Examining your demand costs for temporary labour may make you think twice about bringing in extra help during busy periods. Jon Milton, Business Development Director at Comensura, explains.
The use of temporary labour to bolster a permanent workforce when needed is a no brainer, but have you ever stopped to examine the bigger picture? Have you ever considered whether you really need that extra pair of hands, or if there could be an alternative option? Or, have you thought about the objectives the temporary assignment will deliver or how to make sure this spend comes in on budget?
Demand for temporary labour can be caused by a multitude of factors: the need for extra support during particularly busy periods; short-term planning creating the need for a ‘quick fix’ or ‘firefighting’ solutions; or even temporary workers remaining on assignment even after the original reason for their hire has now gone.
Know Your Demand Costs
Before committing to hiring temporary staff it’s important to consider your demand costs. These costs are the direct result of hiring managers from within your business ordering temporary workers without first justifying the need for the worker, or not fully assessing alternative approaches. In many cases, an understanding of demand costs may mean the full cost can be eliminated, which has the potential to deliver significant savings on temporary labour.
For most businesses, the realisation that demand for temporary labour exists is when the hiring manager asks their line manager to approve a temporary hire or when an internal request for a purchase order is made.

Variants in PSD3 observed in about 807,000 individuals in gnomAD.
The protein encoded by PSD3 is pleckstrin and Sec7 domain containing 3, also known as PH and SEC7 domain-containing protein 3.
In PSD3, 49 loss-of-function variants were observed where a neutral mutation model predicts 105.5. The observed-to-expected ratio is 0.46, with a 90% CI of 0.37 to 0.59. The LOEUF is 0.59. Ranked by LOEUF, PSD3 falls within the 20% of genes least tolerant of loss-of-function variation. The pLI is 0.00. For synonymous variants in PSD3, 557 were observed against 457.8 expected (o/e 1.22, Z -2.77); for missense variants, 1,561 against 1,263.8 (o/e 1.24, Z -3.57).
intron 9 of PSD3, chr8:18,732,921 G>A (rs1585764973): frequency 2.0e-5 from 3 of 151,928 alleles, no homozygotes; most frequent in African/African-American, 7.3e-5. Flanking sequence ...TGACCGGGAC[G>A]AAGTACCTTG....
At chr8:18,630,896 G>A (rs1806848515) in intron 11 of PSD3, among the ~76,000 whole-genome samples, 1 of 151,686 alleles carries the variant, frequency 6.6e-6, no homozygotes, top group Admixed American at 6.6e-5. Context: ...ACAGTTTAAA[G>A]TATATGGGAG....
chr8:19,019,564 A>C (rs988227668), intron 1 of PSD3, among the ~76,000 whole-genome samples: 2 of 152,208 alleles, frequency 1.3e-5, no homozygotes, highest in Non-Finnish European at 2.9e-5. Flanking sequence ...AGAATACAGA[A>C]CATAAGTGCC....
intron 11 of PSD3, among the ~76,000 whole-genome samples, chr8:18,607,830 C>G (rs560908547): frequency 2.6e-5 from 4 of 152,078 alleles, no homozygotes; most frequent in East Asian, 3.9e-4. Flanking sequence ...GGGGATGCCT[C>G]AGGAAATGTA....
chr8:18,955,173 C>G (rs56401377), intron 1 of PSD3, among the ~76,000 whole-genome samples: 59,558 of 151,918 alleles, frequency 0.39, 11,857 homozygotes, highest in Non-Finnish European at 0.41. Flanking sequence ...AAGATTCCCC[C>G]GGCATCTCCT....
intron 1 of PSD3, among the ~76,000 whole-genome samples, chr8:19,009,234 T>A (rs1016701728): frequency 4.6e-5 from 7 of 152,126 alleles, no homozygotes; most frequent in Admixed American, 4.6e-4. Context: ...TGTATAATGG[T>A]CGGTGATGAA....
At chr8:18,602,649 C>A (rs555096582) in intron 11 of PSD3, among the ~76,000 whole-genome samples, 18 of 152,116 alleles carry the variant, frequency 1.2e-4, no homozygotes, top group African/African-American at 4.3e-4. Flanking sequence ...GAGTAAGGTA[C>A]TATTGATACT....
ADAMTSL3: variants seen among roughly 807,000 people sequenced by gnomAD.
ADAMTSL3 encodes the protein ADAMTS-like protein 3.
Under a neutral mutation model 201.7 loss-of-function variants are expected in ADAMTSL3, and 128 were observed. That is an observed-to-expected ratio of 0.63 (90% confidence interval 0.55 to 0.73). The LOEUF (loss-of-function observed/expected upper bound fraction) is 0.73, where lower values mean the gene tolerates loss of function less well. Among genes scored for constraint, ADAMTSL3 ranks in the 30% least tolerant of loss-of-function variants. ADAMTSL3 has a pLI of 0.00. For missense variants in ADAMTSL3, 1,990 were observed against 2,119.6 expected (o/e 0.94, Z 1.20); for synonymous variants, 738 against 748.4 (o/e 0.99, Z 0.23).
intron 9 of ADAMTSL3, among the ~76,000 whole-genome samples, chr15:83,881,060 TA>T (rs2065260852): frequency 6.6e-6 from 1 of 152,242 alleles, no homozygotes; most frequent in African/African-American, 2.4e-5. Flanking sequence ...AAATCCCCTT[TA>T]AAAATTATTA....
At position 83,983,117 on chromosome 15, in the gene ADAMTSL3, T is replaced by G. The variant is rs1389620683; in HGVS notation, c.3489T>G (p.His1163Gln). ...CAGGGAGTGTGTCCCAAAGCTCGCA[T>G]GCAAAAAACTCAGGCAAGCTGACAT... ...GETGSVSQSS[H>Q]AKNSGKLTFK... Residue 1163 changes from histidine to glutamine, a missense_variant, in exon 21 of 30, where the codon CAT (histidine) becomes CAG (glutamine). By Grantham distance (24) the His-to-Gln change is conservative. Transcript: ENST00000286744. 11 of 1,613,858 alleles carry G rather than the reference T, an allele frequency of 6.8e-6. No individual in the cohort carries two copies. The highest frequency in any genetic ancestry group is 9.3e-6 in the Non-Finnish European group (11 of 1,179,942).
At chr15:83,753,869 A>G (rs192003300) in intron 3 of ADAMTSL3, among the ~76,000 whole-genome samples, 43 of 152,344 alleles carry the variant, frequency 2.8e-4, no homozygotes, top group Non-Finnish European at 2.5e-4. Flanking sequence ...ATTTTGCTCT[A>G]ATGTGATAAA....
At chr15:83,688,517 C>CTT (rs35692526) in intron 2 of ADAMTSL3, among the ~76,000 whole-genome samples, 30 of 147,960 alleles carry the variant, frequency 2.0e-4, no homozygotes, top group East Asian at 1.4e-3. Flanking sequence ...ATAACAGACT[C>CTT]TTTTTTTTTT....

But the starting point for any business case evaluation should be to assess the need for non-permanent extra staff and if justified, how much the business is prepared to spend. It’s important to be clear from the outset and agree an approach to evaluating the internal demand for temporary workers rather than just reacting when requests are made.
Evaluation and Consideration
The process for evaluating the business case for temporary workers should take the following into consideration:
- usage of temporary workers in different business units
- the seasonal demands placed on the business unit and its capability to meet demand via its permanent employee headcount
- the business unit’s workforce plans and how critical a flexible workforce is to deliver an efficient, lean operational performance
- the complexities of your organisational structure and your approach to decision making, is it centralised or devolved?
- your priorities as a business – for example, those that need to keep tight control of costs should centralise the approval and assessment of the business case
For those hiring managers and business units with a relatively low or infrequent demand for temporary labour, presenting an informal and individual business case will help ensure temporary labour assignments are appropriately planned, scheduled and authorised.
However, for those that regularly use a large number of temporary workers, it makes sense to create an annual business case for each temporary worker category. The plan should assess the historical usage patterns and expected future demands on the job categories so that the workforce can be appropriately planned, scheduled and authorised. For example, in a warehousing scenario there could be one business case for warehouse operatives and another for fork lift truck drivers.
Essentially, the business case for hiring any temporary workers should consider customer demand and the cost of temporary resources. Also, ask yourself what the measureable outcomes from the additional resources are and whether your business objectives will be met. And finally, consider other employment options, and if other projects or tasks can be put on hold to reprioritise resources.